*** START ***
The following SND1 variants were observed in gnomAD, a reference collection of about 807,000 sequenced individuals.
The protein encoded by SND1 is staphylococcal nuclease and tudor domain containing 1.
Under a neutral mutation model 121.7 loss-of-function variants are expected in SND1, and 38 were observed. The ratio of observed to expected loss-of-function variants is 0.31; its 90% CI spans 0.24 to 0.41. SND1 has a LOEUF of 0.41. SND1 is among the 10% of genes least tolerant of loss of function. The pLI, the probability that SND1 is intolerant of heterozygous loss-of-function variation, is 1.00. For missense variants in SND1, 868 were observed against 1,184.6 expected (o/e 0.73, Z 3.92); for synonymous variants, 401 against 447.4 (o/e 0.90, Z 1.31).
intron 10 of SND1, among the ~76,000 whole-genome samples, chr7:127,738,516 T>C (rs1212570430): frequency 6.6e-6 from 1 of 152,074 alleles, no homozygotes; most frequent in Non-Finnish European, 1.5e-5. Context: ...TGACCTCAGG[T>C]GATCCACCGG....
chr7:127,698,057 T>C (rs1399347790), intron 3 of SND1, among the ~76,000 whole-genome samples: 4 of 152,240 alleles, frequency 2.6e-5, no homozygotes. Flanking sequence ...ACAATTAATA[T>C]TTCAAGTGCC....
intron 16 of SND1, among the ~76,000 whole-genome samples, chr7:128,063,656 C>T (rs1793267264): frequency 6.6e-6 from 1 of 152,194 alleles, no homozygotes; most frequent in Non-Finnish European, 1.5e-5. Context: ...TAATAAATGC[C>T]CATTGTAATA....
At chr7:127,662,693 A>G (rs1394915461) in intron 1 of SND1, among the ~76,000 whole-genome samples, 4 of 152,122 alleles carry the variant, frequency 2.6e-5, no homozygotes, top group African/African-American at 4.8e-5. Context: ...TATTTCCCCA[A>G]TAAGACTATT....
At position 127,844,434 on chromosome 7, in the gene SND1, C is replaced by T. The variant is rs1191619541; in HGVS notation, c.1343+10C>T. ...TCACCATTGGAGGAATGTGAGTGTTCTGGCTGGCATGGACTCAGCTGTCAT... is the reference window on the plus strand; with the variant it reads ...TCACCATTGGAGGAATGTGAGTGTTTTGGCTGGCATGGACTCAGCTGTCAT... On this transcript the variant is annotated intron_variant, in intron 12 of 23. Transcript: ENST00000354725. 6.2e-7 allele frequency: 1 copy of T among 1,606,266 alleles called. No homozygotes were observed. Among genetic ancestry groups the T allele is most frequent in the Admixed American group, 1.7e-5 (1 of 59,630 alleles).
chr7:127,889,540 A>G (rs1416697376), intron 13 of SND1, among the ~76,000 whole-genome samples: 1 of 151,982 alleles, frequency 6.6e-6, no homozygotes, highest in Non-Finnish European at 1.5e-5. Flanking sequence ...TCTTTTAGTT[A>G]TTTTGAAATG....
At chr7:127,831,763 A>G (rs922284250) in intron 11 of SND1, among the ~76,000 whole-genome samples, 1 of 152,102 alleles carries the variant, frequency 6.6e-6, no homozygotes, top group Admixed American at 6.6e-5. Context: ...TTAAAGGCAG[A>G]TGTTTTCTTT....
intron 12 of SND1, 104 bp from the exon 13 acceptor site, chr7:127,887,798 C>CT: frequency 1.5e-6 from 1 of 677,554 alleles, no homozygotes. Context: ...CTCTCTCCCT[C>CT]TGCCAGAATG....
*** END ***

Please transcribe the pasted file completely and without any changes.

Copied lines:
The following SND1 variants were observed in gnomAD, a reference collection of about 807,000 sequenced individuals.
The protein encoded by SND1 is staphylococcal nuclease and tudor domain containing 1.
Under a neutral mutation model 121.7 loss-of-function variants are expected in SND1, and 38 were observed. The ratio of observed to expected loss-of-function variants is 0.31; its 90% CI spans 0.24 to 0.41. SND1 has a LOEUF of 0.41. SND1 is among the 10% of genes least tolerant of loss of function. The pLI, the probability that SND1 is intolerant of heterozygous loss-of-function variation, is 1.00. For missense variants in SND1, 868 were observed against 1,184.6 expected (o/e 0.73, Z 3.92); for synonymous variants, 401 against 447.4 (o/e 0.90, Z 1.31).
intron 10 of SND1, among the ~76,000 whole-genome samples, chr7:127,738,516 T>C (rs1212570430): frequency 6.6e-6 from 1 of 152,074 alleles, no homozygotes; most frequent in Non-Finnish European, 1.5e-5. Context: ...TGACCTCAGG[T>C]GATCCACCGG....
chr7:127,698,057 T>C (rs1399347790), intron 3 of SND1, among the ~76,000 whole-genome samples: 4 of 152,240 alleles, frequency 2.6e-5, no homozygotes. Flanking sequence ...ACAATTAATA[T>C]TTCAAGTGCC....
intron 16 of SND1, among the ~76,000 whole-genome samples, chr7:128,063,656 C>T (rs1793267264): frequency 6.6e-6 from 1 of 152,194 alleles, no homozygotes; most frequent in Non-Finnish European, 1.5e-5. Context: ...TAATAAATGC[C>T]CATTGTAATA....
At chr7:127,662,693 A>G (rs1394915461) in intron 1 of SND1, among the ~76,000 whole-genome samples, 4 of 152,122 alleles carry the variant, frequency 2.6e-5, no homozygotes, top group African/African-American at 4.8e-5. Context: ...TATTTCCCCA[A>G]TAAGACTATT....
At position 127,844,434 on chromosome 7, in the gene SND1, C is replaced by T. The variant is rs1191619541; in HGVS notation, c.1343+10C>T. ...TCACCATTGGAGGAATGTGAGTGTTCTGGCTGGCATGGACTCAGCTGTCAT... is the reference window on the plus strand; with the variant it reads ...TCACCATTGGAGGAATGTGAGTGTTTTGGCTGGCATGGACTCAGCTGTCAT... On this transcript the variant is annotated intron_variant, in intron 12 of 23. Transcript: ENST00000354725. 6.2e-7 allele frequency: 1 copy of T among 1,606,266 alleles called. No homozygotes were observed. Among genetic ancestry groups the T allele is most frequent in the Admixed American group, 1.7e-5 (1 of 59,630 alleles).
chr7:127,889,540 A>G (rs1416697376), intron 13 of SND1, among the ~76,000 whole-genome samples: 1 of 151,982 alleles, frequency 6.6e-6, no homozygotes, highest in Non-Finnish European at 1.5e-5. Flanking sequence ...TCTTTTAGTT[A>G]TTTTGAAATG....
At chr7:127,831,763 A>G (rs922284250) in intron 11 of SND1, among the ~76,000 whole-genome samples, 1 of 152,102 alleles carries the variant, frequency 6.6e-6, no homozygotes, top group Admixed American at 6.6e-5. Context: ...TTAAAGGCAG[A>G]TGTTTTCTTT....
intron 12 of SND1, 104 bp from the exon 13 acceptor site, chr7:127,887,798 C>CT: frequency 1.5e-6 from 1 of 677,554 alleles, no homozygotes. Context: ...CTCTCTCCCT[C>CT]TGCCAGAATG....